I arrived at the restaurant and waited for a short while. He was about five minutes late – not awful. Like I said in the magazine, he seemed flustered and nervous. After he told the hostess who he was, I immediately introduced myself, we shook hands (or maybe we hugged? I don’t remember) and we were seated. 

I could tell sort of immediately by the silence that followed our being seated that I was going to need to lead the conversation. I had no interest in sitting in silence with a stranger. I knew he wasn’t my type when he appeared in the doorway all flustered and nervous (come on, this is a harmless date) and he didn’t look like my type physically but I thought, “he could be a really awesome person if we have stuff in common, let me dig." 

So, digging I went. I asked him what he did (publicist), where he lived (Astoria), what his favorites movies/TV shows/bands (Alkaline Trio was literally the only band he could name) were, I asked where he went to school, I asked him if he had pets, I asked what his hobbies outside of work were. 

Unfortunately, we had nothing in common. And I mean nothing. I had really hoped to find some sort of commonality to build a connection off of with him even though he wasn’t really my type physically. 

Awkward moments: There were more than one. (1) In the magazine I said he asked for a half-time report on how I thought the date was going (you’re 33, dude, if you have to ask, you know the answer isn’t good.), and when I answered honestly, he looked defeated. Sorry, dude, I’m not going to lie to you. (2) When we ordered drinks, I ordered some pink martini thing and he ordered a virgin bloody mary. I asked him if he was sober and told him that was totally cool if he was cool, but he just shook his head and said he wasn’t in the mood to drink. Well, whatever. I had two because conversation was pretty boring. (3) When he told me to stop asking questions and doing all the talking because he ”didn’t want a bad write up in the magazine.“ It became pretty apparently that he was worried about a bad write-up in the magazine more than actually getting to know the person sitting across from him. Also: when I stopped talking, he didn’t talk. So, I kept talking. (4) More than halfway through I realized I gave zero fucks about impressing this person because there was no chemistry. I may have been reading Kingdom Coming at the time so that’s possibly how we got on the topic of abortion and who should be deciding whether or not it’s legal. He thought the states should decide for themselves whether or not it’s legal. I told him that he was very entitled to his opinion but he was a dude, and has never and will never need to have an abortion, so I didn’t think he should have a say either way.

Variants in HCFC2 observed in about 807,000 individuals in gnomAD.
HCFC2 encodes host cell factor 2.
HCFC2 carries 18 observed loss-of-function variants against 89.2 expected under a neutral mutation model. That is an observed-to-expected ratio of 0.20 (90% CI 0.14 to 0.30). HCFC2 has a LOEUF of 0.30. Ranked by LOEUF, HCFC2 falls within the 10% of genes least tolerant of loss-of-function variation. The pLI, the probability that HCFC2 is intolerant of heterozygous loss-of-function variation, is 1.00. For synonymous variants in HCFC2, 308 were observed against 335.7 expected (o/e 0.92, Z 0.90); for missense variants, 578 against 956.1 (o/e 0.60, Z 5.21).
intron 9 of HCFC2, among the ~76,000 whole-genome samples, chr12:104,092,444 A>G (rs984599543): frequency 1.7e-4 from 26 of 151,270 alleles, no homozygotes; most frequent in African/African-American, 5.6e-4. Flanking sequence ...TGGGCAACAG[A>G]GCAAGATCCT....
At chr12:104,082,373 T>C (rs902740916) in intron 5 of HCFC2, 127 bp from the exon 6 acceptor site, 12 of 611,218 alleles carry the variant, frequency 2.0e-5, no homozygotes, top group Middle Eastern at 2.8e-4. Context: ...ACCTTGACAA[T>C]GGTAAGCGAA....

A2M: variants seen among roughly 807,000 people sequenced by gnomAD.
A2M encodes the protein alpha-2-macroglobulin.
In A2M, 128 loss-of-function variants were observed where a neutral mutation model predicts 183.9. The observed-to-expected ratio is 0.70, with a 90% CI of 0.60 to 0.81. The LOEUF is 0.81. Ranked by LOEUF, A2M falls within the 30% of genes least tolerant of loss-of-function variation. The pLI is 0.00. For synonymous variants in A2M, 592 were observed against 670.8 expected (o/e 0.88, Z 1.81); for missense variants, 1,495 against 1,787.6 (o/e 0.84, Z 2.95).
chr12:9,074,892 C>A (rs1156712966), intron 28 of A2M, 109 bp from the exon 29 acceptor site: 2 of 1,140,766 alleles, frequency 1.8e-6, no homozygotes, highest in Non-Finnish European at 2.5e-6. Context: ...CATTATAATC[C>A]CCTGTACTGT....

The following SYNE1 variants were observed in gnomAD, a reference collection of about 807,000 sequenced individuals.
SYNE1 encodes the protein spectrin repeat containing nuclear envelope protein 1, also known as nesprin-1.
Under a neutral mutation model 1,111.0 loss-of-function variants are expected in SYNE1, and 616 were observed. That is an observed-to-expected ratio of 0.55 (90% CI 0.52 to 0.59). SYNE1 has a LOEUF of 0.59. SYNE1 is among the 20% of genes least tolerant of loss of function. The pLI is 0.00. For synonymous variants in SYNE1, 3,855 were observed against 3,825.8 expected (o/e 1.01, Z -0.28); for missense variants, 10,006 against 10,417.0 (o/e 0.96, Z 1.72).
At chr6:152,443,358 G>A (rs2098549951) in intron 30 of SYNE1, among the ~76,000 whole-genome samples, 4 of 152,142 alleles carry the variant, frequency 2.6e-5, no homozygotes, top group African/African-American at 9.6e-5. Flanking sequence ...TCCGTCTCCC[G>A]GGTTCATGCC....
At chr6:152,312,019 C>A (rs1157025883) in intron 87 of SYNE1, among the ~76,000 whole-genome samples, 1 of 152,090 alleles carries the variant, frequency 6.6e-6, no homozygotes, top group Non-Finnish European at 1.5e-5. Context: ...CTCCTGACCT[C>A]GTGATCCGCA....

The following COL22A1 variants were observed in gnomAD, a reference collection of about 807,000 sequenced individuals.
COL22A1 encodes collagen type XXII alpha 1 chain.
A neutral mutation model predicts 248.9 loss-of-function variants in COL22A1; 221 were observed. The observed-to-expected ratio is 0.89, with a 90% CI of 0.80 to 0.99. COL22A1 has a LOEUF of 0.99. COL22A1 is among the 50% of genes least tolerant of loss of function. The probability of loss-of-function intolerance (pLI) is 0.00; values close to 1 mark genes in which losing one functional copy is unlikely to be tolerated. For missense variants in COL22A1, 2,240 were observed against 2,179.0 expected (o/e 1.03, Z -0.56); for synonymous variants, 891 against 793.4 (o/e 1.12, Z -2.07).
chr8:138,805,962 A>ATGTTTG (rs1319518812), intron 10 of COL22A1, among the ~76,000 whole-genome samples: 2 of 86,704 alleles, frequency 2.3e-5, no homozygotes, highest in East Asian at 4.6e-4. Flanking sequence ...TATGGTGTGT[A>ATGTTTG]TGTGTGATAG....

Now I’m not sure how someone who works as a publicist and has to talk to people for a living is so bad conversationally, but he was probably just super nervous. He also had no confidence. After he answered questions a couple of times, he’d circle back and ask, "did my answer sound too unambitious/bad/whatever?” Dude, just be yourself.

He asked me to “make a pact” at the end of the date to not say anything negative in the magazine. What?! Like I said, he was only concerned with his write up. I said OK. 

Afterwards: After dinner he asked if I wanted to go to a bar (why, I thought, so you could not drink some more and we can continue this amazeballs conversation we’re having?!) and asked twice for my contact information. I declined all three of those requests as nicely as I could and went home, relieved it was over. 

I’m not big into wasting my time with someone that I can’t hold a conversation with on a date anymore. I have no problem saying to someone, “you’re really nice, but we have nothing to talk about,” and it was no different in this situation. 

This was really just a case of having no chemistry with someone. He’s not a bad person, just maybe slightly awkward. I’ve been told by a few dates/friends lately that I’m easy to talk to and that I have a “certain energy” abut me, so I’m not too worried about what this dude thought. He got rejected. I understand his hurt feelings.  

I’ve had people tell me since the magazine has come out that, “Look at him. Someone like you would never go for someone like him,” which they mean as a complement, but I feel like it’s kind of insulting. My attraction to someone is based more on personality than looks. I, of course, have a type, but it’s more than that. 

This was an interesting experience (I got what I thought I would: free drinks/appetizers and a good story!) that I’d never do again. Even though Time Out asks you a few questions about yourself, I don’t think they really work at trying to set people up who might be compatible.